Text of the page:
After the major historical transitions that have occurred in the last few years, the potential for everything to fall apart still exists if the new security situation is neglected. The people of Israel must feel that their homes and lives are safer as a result of the peace process. This requires the consolidation of changes made under an umbrella of effective security measures. Otherwise, the search for peace will become more dangerous. If peace means that Israel’s defensive posture is weakened while potential enemies in Syria, Iran and elsewhere are strengthened, or if peace means more terrorism inside Israel, then peace will become such a dangerous and destructive process that no one will be able to continue in the future.
The Israeli people must feel that there are real benefits in seeking peace. In this regard, Netanyahu’s emphasis on consolidating peace by enforcing security concerns will benefit long-term hopes. A weak peace that increasingly leaves Israel vulnerable will only encourage radicals to destroy what has been achieved. Further gains will be impossible. It is our hope that with an effective and successful leadership by Netanyahu, peace in the Middle East will survive the current threats and eventually move on to greater prospects.
For the United States, nothing could be more desirable than the success of Netanyahu’s government. As the leader of the free world against the frequent threats of tyranny, one of the most important things learned by the American people is that when our allies are strong and secure, America is also safer. This is why today we must welcome any Israeli leader’s desire to make Israel strong and secure.
The Israeli people have often greatly trusted the American people. Throughout the Cold War, Israel was our most solid ally in the United Nations. At President Bush’s request during the Gulf War, the Israeli people showed unbelievable faith in American resolve by refraining from retaliating against Saddam Hussein’s missile attacks. And in the last few years, the Israeli people have remained committed to a close friendship with us. Therefore, as the Israeli people now have made their democratic choice for leader, we have an obligation to respect that choice and to work with the new leader.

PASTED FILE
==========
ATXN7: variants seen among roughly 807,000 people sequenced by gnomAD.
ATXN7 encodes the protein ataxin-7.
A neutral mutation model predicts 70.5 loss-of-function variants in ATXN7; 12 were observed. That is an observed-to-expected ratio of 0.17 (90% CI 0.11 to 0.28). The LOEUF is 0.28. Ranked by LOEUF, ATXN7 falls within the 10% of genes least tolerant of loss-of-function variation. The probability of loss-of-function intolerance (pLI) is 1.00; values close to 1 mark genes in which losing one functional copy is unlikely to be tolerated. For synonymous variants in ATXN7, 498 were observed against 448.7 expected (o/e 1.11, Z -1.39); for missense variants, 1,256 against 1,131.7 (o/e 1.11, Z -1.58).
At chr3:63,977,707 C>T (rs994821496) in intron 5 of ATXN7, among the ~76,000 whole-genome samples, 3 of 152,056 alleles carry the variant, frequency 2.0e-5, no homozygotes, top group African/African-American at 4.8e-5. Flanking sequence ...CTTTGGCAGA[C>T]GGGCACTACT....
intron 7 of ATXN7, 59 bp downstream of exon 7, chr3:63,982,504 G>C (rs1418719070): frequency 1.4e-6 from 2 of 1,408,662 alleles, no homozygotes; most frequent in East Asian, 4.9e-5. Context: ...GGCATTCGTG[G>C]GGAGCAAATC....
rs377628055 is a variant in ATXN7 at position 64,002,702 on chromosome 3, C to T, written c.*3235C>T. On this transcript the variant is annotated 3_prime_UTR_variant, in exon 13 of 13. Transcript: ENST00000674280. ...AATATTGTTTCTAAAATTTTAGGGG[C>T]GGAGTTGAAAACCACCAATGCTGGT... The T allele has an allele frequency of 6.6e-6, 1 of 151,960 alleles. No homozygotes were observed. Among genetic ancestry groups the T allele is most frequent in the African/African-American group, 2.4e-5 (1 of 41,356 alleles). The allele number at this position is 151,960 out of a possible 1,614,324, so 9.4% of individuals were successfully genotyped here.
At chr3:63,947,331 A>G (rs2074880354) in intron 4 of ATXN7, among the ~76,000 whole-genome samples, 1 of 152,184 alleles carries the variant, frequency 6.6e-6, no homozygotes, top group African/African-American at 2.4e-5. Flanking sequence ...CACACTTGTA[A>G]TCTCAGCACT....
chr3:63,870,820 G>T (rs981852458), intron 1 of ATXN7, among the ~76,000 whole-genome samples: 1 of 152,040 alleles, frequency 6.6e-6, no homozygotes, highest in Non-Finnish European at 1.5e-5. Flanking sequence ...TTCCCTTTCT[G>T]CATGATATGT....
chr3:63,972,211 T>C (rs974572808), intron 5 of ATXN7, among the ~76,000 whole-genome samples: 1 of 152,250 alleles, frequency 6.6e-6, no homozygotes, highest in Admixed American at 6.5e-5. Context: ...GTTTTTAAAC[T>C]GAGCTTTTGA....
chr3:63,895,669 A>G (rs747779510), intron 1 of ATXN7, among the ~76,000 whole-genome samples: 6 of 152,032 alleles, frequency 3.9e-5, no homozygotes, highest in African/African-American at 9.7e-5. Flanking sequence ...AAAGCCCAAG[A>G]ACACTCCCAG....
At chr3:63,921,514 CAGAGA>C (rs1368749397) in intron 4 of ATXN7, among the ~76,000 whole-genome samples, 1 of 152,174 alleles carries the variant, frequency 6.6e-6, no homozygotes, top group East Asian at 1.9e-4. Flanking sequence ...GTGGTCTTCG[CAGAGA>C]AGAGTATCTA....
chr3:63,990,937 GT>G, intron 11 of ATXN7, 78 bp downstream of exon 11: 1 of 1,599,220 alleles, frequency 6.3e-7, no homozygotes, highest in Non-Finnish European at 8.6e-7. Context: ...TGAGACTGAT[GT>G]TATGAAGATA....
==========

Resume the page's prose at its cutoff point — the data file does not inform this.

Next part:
The future of relations between our two countries stands at an immensely hopeful time. Yes, there will be challenges. But with a mature and positive understanding of what unites America and Israel, these challenges will provide further opportunities for progress. There are few other relationships in the world as close and solid as is this one. We hope this will remain true in the future and that both of our countries will continue to benefit from this unity as they always have.
Ben Fiman is a former CLA student and is the University’s liaison for the American-Israel Public Affairs Committee. Maksim Tsvetovatyy is a University alumnus and a co-chairman of B’nai B’rith Hillel Foundation. Joe Roche is a former columnist for the Daily and a senior majoring in history.